7/10

Webcast (2016) Review

webcast1Webcast (2016)

Writer/Director: Paul McGhie

Stars: Samantha Redford, Joseph Tremain and Nicola Wright

Runtime: 95min

Synopsis (from IMDb): “When two young filmmakers suspect their neighbours are involved with the abduction of a teenage girl, they begin to run surveillance on them, and that’s when things start to go wrong.”

Webcast is a found footage/mockumentary style horror thriller, presented as a feature length film. The film starts with two student film makers, Chloe Webber (Samantha Redford) and Ed Dickens (Joseph Tremain). They are initially doing a follow up investigation of the disappearance of Chloe’s aunt many years ago by interviewing the neighbours who knew her at the time. We meet some colourful characters along the way and some are less cooperative with the questions than might be desired, considering how so many years have passed since the incident. In between takes of Chloe on active documentary duty, she records some video journals of her thoughts and catches us up on what has been happening. The camera is always rolling; with this however they uncover some questionable behaviour on film and begin to suspect that the neighbours are keeping a girl against her will, this is when things really start to get interesting.

webcast2The latter half of the film has our two protagonists trying to unravel the mystery of the rather dubious behaviour of the neighbours and the unexplained events, disappearances and illnesses that have certainly ramped up in frequency since they began to poke their respective noses into it all. This is all conveyed very convincingly by a very strong cast who come across very candid and natural. The camera work too is purposeful with no fancy aerial shots and the like that would break the immersion of the videos blog feel.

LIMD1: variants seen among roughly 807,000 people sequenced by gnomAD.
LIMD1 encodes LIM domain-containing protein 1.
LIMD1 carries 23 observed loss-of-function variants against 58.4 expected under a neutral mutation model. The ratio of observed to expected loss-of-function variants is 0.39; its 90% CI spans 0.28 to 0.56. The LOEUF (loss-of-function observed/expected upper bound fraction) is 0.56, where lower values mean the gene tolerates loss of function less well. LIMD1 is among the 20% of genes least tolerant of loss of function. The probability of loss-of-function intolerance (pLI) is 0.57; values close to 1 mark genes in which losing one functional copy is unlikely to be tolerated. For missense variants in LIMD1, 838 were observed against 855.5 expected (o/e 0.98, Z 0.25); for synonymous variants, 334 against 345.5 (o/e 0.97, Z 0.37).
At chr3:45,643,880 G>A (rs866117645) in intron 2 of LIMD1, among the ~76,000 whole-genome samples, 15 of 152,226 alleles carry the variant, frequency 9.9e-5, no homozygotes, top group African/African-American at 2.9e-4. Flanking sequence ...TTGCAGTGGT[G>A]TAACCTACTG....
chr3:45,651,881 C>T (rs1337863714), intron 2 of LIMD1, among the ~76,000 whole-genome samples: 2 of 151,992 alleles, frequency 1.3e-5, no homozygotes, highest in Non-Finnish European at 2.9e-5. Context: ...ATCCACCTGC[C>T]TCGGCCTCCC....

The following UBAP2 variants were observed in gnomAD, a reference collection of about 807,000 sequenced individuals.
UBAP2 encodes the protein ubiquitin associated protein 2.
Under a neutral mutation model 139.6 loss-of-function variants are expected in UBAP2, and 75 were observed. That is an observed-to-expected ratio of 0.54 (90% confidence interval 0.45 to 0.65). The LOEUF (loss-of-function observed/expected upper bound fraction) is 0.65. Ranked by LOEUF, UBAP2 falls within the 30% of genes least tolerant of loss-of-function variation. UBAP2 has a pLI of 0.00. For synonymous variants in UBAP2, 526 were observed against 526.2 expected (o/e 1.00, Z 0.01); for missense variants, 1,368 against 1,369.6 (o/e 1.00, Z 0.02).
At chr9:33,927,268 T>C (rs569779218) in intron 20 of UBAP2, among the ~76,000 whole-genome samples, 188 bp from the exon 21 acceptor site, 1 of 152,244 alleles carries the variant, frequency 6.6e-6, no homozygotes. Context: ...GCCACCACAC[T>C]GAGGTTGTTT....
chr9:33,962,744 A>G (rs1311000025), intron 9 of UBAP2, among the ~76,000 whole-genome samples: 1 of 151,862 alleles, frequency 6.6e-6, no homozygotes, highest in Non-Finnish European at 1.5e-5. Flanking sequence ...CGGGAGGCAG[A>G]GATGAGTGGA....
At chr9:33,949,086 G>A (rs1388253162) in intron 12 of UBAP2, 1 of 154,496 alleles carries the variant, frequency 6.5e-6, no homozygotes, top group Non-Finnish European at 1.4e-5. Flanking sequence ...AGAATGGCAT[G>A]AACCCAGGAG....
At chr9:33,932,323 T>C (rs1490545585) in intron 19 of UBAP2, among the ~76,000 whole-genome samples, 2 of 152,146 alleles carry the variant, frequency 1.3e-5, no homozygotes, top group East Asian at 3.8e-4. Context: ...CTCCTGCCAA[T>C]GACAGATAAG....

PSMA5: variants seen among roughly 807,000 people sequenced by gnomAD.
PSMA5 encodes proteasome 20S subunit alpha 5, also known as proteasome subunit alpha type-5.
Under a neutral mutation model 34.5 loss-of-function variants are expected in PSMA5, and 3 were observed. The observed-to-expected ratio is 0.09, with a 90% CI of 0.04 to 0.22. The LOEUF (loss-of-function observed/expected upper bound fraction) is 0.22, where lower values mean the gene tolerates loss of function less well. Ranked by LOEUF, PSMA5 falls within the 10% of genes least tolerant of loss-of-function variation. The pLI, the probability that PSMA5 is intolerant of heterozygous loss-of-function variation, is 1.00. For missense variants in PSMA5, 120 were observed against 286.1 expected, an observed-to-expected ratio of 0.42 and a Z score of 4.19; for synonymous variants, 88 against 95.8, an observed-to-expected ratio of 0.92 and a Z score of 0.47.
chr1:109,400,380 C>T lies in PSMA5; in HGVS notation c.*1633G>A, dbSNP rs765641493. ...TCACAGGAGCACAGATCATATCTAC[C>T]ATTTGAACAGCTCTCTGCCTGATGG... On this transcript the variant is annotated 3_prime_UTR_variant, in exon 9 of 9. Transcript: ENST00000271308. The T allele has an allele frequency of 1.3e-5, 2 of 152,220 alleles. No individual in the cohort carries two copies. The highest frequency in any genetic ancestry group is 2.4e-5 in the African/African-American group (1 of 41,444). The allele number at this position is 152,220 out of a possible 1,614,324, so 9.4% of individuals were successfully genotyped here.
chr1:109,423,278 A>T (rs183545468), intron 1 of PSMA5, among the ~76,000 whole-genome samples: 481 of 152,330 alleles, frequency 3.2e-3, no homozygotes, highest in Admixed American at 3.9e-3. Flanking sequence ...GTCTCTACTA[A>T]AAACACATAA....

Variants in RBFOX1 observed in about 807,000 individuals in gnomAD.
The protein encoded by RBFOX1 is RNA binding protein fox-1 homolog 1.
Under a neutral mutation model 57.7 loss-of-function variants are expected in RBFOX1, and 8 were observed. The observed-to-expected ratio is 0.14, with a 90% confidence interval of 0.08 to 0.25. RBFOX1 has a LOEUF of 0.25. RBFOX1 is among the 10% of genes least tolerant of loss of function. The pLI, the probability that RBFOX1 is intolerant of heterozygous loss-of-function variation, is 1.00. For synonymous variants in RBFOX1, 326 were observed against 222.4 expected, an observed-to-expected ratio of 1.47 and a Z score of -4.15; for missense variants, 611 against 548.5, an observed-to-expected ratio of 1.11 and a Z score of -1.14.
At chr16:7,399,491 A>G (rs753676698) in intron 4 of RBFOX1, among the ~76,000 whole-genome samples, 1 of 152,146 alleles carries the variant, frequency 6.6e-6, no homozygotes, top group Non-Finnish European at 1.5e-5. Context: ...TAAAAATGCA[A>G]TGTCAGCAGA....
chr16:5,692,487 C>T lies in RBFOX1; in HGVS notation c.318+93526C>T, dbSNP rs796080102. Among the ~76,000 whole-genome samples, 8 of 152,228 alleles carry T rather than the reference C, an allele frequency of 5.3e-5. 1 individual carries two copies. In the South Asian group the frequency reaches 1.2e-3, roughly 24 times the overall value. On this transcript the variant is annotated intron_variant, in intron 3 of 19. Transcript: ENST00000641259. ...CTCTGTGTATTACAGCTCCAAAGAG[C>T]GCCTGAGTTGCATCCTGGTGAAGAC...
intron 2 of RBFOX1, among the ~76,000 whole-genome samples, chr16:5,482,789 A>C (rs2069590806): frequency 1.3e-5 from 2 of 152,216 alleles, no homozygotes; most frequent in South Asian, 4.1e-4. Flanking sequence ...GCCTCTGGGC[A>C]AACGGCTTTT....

One main issue I would have with Webcast is that the feature length format does not suit it in the slightest, given that the middle of the film feels a bit bloated with filler, owing to the fact it is presented as a very genuine ongoing video blog. I would propose exactly that; the films own canonical methods as an alternative presentation. As they upload their findings and video at the end of each day. I would split the film up into five acts, also given that the climax itself is the only actual live webcast and in the context of the film is the only way possible that this “footage” made it out for public viewing following the climactic scene. I did personally have to watch this in packets to fully appreciate its style.

webcast3Overall however, Webcast is a competently made horror thriller and a feature debut for writer/director Paul McGhie with an excellent cast on hand too, to really push this from run-of-the-mill low budget horror to a genuinely engaging and entertaining film with subject matter that will really make you rethink how you see your neighbours, or anybody for that matter. If there was a hint less paranormal you could have taken this as 100% authentic docudrama with believable occult leanings. There is enough here to satisfy your horror needs for sure. McGhie is one to watch.

Verdict: Tony Blair Witch Project

7/10